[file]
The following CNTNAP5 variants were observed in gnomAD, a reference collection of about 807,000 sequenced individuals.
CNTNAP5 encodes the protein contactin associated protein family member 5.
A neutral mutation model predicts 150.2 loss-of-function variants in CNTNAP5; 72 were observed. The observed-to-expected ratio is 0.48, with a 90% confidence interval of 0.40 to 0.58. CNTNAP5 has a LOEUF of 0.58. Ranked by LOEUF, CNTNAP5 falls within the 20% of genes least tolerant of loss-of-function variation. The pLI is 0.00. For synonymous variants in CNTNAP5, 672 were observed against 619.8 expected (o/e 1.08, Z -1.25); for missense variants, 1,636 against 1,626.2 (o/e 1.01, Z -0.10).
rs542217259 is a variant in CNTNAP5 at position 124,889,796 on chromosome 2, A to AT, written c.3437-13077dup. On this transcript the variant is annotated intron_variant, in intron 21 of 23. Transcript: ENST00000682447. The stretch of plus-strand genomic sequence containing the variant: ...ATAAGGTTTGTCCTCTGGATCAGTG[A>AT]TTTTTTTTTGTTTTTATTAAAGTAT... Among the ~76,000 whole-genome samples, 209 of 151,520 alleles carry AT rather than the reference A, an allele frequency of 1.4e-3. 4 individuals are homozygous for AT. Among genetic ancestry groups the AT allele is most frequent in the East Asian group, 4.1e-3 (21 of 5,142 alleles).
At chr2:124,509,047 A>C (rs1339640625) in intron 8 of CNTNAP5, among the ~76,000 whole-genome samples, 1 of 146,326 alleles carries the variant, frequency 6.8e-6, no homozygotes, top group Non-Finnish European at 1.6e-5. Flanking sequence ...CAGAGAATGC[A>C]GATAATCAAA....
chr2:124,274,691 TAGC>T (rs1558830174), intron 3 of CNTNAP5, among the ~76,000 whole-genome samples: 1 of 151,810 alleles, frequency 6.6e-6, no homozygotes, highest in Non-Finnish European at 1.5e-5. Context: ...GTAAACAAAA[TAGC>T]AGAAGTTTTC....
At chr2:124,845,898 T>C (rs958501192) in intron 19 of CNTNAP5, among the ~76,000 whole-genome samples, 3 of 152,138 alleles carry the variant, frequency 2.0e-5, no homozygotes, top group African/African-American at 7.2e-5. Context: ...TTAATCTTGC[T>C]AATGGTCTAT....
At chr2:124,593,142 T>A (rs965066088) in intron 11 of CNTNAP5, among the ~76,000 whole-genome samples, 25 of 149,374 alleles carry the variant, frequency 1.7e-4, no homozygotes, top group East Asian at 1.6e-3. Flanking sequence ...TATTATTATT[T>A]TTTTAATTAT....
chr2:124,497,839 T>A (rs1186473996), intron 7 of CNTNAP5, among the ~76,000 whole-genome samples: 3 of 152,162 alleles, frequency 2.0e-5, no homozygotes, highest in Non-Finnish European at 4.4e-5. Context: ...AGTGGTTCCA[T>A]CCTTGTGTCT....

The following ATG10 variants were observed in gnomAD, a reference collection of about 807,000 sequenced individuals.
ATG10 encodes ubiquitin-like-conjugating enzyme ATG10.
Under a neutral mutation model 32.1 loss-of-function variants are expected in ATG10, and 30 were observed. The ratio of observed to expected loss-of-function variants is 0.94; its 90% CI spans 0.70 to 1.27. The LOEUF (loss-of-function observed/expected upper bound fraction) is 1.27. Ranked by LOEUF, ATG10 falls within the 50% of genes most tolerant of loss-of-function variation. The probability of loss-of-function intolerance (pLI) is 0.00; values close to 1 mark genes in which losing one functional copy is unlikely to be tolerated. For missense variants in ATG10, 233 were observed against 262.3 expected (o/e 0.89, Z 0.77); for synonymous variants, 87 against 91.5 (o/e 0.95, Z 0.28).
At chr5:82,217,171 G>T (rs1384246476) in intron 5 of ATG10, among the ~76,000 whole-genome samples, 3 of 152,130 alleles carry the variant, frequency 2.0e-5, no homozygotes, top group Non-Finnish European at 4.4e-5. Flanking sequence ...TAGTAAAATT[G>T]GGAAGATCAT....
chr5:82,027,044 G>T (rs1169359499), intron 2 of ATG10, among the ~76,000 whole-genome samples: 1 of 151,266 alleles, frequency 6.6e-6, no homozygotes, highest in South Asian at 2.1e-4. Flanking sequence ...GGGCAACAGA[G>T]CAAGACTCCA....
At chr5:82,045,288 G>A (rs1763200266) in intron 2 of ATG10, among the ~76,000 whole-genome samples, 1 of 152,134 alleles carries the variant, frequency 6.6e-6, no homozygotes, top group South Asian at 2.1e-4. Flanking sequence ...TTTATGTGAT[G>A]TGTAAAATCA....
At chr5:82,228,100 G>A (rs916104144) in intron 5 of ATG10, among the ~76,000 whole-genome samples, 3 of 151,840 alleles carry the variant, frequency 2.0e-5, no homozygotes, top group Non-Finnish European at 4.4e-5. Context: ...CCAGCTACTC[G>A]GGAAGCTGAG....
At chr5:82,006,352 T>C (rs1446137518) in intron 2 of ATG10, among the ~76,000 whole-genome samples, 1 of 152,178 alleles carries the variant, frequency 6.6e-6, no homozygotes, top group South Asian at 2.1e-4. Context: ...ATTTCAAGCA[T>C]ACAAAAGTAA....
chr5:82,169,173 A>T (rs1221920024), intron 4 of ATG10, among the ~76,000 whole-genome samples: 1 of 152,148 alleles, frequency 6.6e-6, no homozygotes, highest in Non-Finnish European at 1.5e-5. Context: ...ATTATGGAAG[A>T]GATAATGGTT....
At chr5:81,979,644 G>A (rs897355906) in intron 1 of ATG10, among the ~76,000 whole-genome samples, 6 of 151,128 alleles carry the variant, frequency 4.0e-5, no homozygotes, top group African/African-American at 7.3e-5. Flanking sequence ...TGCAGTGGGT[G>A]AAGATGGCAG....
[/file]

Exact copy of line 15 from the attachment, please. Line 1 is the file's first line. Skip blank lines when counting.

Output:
At chr5:82,045,288 G>A (rs1763200266) in intron 2 of ATG10, among the ~76,000 whole-genome samples, 1 of 152,134 alleles carries the variant, frequency 6.6e-6, no homozygotes, top group South Asian at 2.1e-4. Flanking sequence ...TTTATGTGAT[G>A]TGTAAAATCA....